Life Sciences and Chemistry

Articles and reports from the Life Sciences and chemistry area deal with applied and basic research into modern biology, chemistry and human medicine.

Valuable information can be found on a range of life sciences fields including bacteriology, biochemistry, bionics, bioinformatics, biophysics, biotechnology, genetics, geobotany, human biology, marine biology, microbiology, molecular biology, cellular biology, zoology, bioinorganic chemistry, microchemistry and environmental chemistry.

Mighty mice are less susceptible to muscular dystrophy gene’s effects

The Johns Hopkins scientists who first discovered that knocking out a particular muscle gene results in “mighty mice” now report that it also softens the effects of a genetic mutation that causes muscular dystrophy.

The findings, scheduled for the December issue of the Annals of Neurology and currently online, build support for the idea that blocking the activity of that gene, known as myostatin, may one day help treat humans with degenerative muscle diseases.

Working with mice ca

Research reveals a cellular basis for a male biological clock

Researchers at the University of Washington have discovered a cellular basis for what many have long suspected: Men, as well as women, have a reproductive clock that ticks down with age.

A recent study revealed that sperm in men older than 35 showed more DNA damage than that of men in the younger age group. In addition, the older men’s bodies appeared less efficient at eliminating the damaged cells, which could pass along problems to offspring.

“When you talk about having

The effect of transgenic nematode resistance on non-target organisms in the potato rhizosphere

A paper published today (26.11.02) in the December Issue of Journal of Applied Ecology by Cowgill et al describes the results of small-scale field trials that were used to assess the effect of PI-expressing potatoes on non-target soil organisms. The impact of a currently used PCN management option, the nematicide, aldicarb, on soil organisms was also studied.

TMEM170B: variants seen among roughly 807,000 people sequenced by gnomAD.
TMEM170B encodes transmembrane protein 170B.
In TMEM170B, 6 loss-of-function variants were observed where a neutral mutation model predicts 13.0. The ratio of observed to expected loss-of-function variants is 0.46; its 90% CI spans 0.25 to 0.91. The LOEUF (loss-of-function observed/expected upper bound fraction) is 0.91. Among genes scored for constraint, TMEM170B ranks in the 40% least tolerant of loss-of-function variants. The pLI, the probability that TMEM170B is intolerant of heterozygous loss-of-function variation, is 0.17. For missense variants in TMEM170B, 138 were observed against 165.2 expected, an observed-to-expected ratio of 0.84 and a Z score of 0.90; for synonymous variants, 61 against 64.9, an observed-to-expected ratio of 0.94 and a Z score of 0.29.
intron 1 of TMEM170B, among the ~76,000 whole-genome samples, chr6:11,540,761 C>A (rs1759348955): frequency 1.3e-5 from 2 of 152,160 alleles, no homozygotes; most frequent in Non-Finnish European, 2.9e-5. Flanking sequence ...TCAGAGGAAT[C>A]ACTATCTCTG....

The transgenic plants had an adverse effect on the fungal component of the soil microbial community, while the nematicide adversely

New Mammal Species Identified in Australia

In the current crisis of global biodiversity loss, the discovery of new species is a welcome addition. But the recent finding that the mountain brushtail possum, an arboreal marsupial mammal of Australian wet forests, is actually made up of two species also poses new conservation challenges.

The new species is proposed in an article in the latest Australian Journal of Zoology (Volume 50, Issue 4), authored by Earthwatch-supported biologist Dr. David Lindenmayer (Australian National Universit

Phase transition in bilayers could affect their performance

Phospholipid bilayers that mimic cell membranes in living organisms are of interest as substrates for biosensors and for the controlled release of pharmaceuticals. To better understand how these materials behave with embedded proteins, a necessary first step is to understand how the bilayers respond by themselves.

As will be reported in the Dec. 9 issue of Physical Review Letters (published online Nov. 21), scientists at the University of Illinois at Urbana-Champaign have studied the phase t

Researchers create DNA ’nanocircles’ to probe the mystery of aging in human cells

A new form of nanotechnology developed at Stanford University may lead to a better understanding of the life and death of human cells.

Writing in the Nov. 18 Proceedings of the National Academy of Sciences (PNAS), Stanford researchers described how newly created circles of synthetic DNA – called “nanocircles” – could help researchers learn more about the aging process in cells.

“In the long run, we have this dream of making laboratory cells live longer,” said Eric Kool, a pr

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